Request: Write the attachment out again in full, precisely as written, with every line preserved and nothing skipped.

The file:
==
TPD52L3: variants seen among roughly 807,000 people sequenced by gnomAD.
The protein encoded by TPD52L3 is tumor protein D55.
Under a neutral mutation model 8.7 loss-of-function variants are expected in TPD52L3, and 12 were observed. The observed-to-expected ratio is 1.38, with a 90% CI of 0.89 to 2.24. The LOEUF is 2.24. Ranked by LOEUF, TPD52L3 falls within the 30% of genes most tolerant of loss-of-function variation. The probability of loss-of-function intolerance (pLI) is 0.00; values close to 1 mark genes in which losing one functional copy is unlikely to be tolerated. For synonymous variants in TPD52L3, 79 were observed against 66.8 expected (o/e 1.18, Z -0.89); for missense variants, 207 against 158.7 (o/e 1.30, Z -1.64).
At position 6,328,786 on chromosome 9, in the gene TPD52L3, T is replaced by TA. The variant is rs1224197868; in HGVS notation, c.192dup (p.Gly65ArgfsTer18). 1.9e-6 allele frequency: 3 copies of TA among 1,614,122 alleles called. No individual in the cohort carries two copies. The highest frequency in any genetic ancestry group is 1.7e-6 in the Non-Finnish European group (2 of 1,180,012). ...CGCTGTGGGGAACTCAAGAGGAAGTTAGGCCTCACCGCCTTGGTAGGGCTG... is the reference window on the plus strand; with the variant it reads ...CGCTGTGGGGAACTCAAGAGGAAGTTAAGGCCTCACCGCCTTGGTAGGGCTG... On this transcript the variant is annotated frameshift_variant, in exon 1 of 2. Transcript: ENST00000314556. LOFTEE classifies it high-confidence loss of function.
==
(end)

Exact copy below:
TPD52L3: variants seen among roughly 807,000 people sequenced by gnomAD.
The protein encoded by TPD52L3 is tumor protein D55.
Under a neutral mutation model 8.7 loss-of-function variants are expected in TPD52L3, and 12 were observed. The observed-to-expected ratio is 1.38, with a 90% CI of 0.89 to 2.24. The LOEUF is 2.24. Ranked by LOEUF, TPD52L3 falls within the 30% of genes most tolerant of loss-of-function variation. The probability of loss-of-function intolerance (pLI) is 0.00; values close to 1 mark genes in which losing one functional copy is unlikely to be tolerated. For synonymous variants in TPD52L3, 79 were observed against 66.8 expected (o/e 1.18, Z -0.89); for missense variants, 207 against 158.7 (o/e 1.30, Z -1.64).
At position 6,328,786 on chromosome 9, in the gene TPD52L3, T is replaced by TA. The variant is rs1224197868; in HGVS notation, c.192dup (p.Gly65ArgfsTer18). 1.9e-6 allele frequency: 3 copies of TA among 1,614,122 alleles called. No individual in the cohort carries two copies. The highest frequency in any genetic ancestry group is 1.7e-6 in the Non-Finnish European group (2 of 1,180,012). ...CGCTGTGGGGAACTCAAGAGGAAGTTAGGCCTCACCGCCTTGGTAGGGCTG... is the reference window on the plus strand; with the variant it reads ...CGCTGTGGGGAACTCAAGAGGAAGTTAAGGCCTCACCGCCTTGGTAGGGCTG... On this transcript the variant is annotated frameshift_variant, in exon 1 of 2. Transcript: ENST00000314556. LOFTEE classifies it high-confidence loss of function.